White Cane Safety Day Celebration 2019

Image contains participants from the different organizations attended the event.

Where It All Started

For centuries around the world, cane, staff or stick was used to guide blind people in their travels. It was used to alert them of the obstacles in their paths. The use of white cane was claimed to have started in 1921 which was attributed to James Briggs, a Bristol photographer who lost his sight due to an accident. He used the cane for the pedestrians and vehicle users to know that he was blind. He chose to paint his cane white so it would be visible even at night. From then, white cane was used not just to aid persons with visual impairment but to serve as a sign for people to know their disability.

In the Philippines, the “White Cane Safety Day” was celebrated every first of August in accordance with RA 6759 of 1989, which declares that it is the policy of the state to promote and protect the physical, moral, and social wellbeing of all persons with visual impairment.

Since then, efforts have been made to celebrate the “White Cane Safety Day” by organizing programs and services for visually impaired and spread awareness to persons without disability.

The Advocacy Continues

For the “Sight Saving Month,” which is celebrated every August, the “White Cane Safety Day” served as an opening activity. Different programs like Braille writing contest was held.

The theme for the 30th White Cane Safety Day Celebration was “Puting Baston, Simbolo ng Kalayaan ng Taong May Kapansanan sa Paningin: Dapat Kilalanin, Igalang at Pagtibayin.” This theme emphasizes the role of the white cane as the symbol that someone is a person is blind or visually impaired.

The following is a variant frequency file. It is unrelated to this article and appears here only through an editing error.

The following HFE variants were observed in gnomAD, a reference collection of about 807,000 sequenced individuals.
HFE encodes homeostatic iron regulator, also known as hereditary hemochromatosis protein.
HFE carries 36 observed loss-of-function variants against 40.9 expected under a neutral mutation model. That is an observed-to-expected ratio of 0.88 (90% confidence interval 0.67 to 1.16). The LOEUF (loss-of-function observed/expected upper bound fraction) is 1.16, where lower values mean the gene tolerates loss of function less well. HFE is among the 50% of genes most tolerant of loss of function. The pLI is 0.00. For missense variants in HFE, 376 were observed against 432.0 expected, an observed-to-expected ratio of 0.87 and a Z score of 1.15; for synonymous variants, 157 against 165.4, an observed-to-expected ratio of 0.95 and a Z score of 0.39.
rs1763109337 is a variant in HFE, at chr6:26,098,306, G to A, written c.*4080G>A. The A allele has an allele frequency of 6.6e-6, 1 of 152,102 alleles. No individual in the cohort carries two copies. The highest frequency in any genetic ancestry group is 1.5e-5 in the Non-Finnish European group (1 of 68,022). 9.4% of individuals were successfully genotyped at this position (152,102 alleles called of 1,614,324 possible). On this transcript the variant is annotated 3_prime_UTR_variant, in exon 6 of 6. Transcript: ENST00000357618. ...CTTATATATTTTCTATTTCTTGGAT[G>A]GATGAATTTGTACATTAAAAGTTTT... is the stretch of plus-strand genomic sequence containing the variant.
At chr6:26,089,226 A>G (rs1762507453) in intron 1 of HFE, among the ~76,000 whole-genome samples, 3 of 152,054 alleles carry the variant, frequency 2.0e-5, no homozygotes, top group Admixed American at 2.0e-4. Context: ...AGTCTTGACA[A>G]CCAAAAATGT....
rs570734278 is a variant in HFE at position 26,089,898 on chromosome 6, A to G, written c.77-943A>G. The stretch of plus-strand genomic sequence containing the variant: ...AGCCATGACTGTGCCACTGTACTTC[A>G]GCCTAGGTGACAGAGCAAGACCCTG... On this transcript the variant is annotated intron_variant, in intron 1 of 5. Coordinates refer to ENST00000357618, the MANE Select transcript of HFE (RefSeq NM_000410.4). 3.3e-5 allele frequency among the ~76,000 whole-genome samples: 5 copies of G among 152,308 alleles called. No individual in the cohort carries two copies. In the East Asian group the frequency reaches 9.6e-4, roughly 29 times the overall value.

As part of the grand celebration, an activity called “White Cane Walk” led by the Philippine Blind Union. The walkathon was joined by different organizations such as resources for the blind, Visuals, NOVEL, and other organizations. ATRIEV also joined the walkathon at least 25 representatives including the staff, trainers, and trainees.

The White Cane Walk started from Camp Aguinaldo Gate 2 Capinpin avenue and walk along the North bound lane of EDSA towards the People Power Monument where the program proper was held. Hundreds of visually impaired walked with their White Canes as a symbol of their freedom.

The program’s guest honor representing DepEd Sec. Briones was Undersecretary Tonisito Umali of the Events and Legal Affairs and Liason Office of the Department of Education. Philippine Blind Union gave away White Canes and braille with stylus. BENETECH-Bookshare, a non-profit organization which advocacy is Global Literacy and Inclusion gave away 3 Google Nexus Tablets through Philippine Representative Ms. Aggie Angeles.

Looking Forward